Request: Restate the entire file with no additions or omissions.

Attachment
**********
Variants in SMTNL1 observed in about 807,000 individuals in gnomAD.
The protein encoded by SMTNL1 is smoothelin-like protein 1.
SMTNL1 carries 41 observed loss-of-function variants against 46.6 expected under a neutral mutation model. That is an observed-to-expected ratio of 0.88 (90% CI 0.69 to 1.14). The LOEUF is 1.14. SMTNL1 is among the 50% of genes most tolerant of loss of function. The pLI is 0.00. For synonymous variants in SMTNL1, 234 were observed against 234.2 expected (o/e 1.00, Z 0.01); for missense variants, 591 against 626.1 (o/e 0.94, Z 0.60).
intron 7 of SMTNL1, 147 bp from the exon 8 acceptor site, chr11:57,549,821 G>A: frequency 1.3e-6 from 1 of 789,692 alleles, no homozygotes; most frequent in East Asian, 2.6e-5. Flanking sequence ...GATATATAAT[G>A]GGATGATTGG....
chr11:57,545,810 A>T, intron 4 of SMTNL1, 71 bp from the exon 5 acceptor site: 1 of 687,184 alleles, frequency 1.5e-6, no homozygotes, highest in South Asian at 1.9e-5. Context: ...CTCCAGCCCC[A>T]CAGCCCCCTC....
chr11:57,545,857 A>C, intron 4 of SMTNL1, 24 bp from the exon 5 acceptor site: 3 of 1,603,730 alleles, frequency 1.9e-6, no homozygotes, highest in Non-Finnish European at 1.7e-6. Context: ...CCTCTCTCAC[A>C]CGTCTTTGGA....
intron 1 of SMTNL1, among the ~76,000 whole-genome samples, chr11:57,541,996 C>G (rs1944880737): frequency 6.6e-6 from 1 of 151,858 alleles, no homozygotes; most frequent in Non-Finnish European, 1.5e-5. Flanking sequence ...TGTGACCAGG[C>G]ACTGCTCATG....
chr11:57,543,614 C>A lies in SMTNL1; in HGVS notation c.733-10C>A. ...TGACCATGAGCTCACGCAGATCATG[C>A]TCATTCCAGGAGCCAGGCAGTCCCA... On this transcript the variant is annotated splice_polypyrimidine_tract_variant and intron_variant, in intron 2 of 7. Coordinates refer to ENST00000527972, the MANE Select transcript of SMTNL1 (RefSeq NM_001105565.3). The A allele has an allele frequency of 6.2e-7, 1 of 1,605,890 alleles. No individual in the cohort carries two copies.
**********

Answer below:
Variants in SMTNL1 observed in about 807,000 individuals in gnomAD.
The protein encoded by SMTNL1 is smoothelin-like protein 1.
SMTNL1 carries 41 observed loss-of-function variants against 46.6 expected under a neutral mutation model. That is an observed-to-expected ratio of 0.88 (90% CI 0.69 to 1.14). The LOEUF is 1.14. SMTNL1 is among the 50% of genes most tolerant of loss of function. The pLI is 0.00. For synonymous variants in SMTNL1, 234 were observed against 234.2 expected (o/e 1.00, Z 0.01); for missense variants, 591 against 626.1 (o/e 0.94, Z 0.60).
intron 7 of SMTNL1, 147 bp from the exon 8 acceptor site, chr11:57,549,821 G>A: frequency 1.3e-6 from 1 of 789,692 alleles, no homozygotes; most frequent in East Asian, 2.6e-5. Flanking sequence ...GATATATAAT[G>A]GGATGATTGG....
chr11:57,545,810 A>T, intron 4 of SMTNL1, 71 bp from the exon 5 acceptor site: 1 of 687,184 alleles, frequency 1.5e-6, no homozygotes, highest in South Asian at 1.9e-5. Context: ...CTCCAGCCCC[A>T]CAGCCCCCTC....
chr11:57,545,857 A>C, intron 4 of SMTNL1, 24 bp from the exon 5 acceptor site: 3 of 1,603,730 alleles, frequency 1.9e-6, no homozygotes, highest in Non-Finnish European at 1.7e-6. Context: ...CCTCTCTCAC[A>C]CGTCTTTGGA....
intron 1 of SMTNL1, among the ~76,000 whole-genome samples, chr11:57,541,996 C>G (rs1944880737): frequency 6.6e-6 from 1 of 151,858 alleles, no homozygotes; most frequent in Non-Finnish European, 1.5e-5. Flanking sequence ...TGTGACCAGG[C>G]ACTGCTCATG....
chr11:57,543,614 C>A lies in SMTNL1; in HGVS notation c.733-10C>A. ...TGACCATGAGCTCACGCAGATCATG[C>A]TCATTCCAGGAGCCAGGCAGTCCCA... On this transcript the variant is annotated splice_polypyrimidine_tract_variant and intron_variant, in intron 2 of 7. Coordinates refer to ENST00000527972, the MANE Select transcript of SMTNL1 (RefSeq NM_001105565.3). The A allele has an allele frequency of 6.2e-7, 1 of 1,605,890 alleles. No individual in the cohort carries two copies.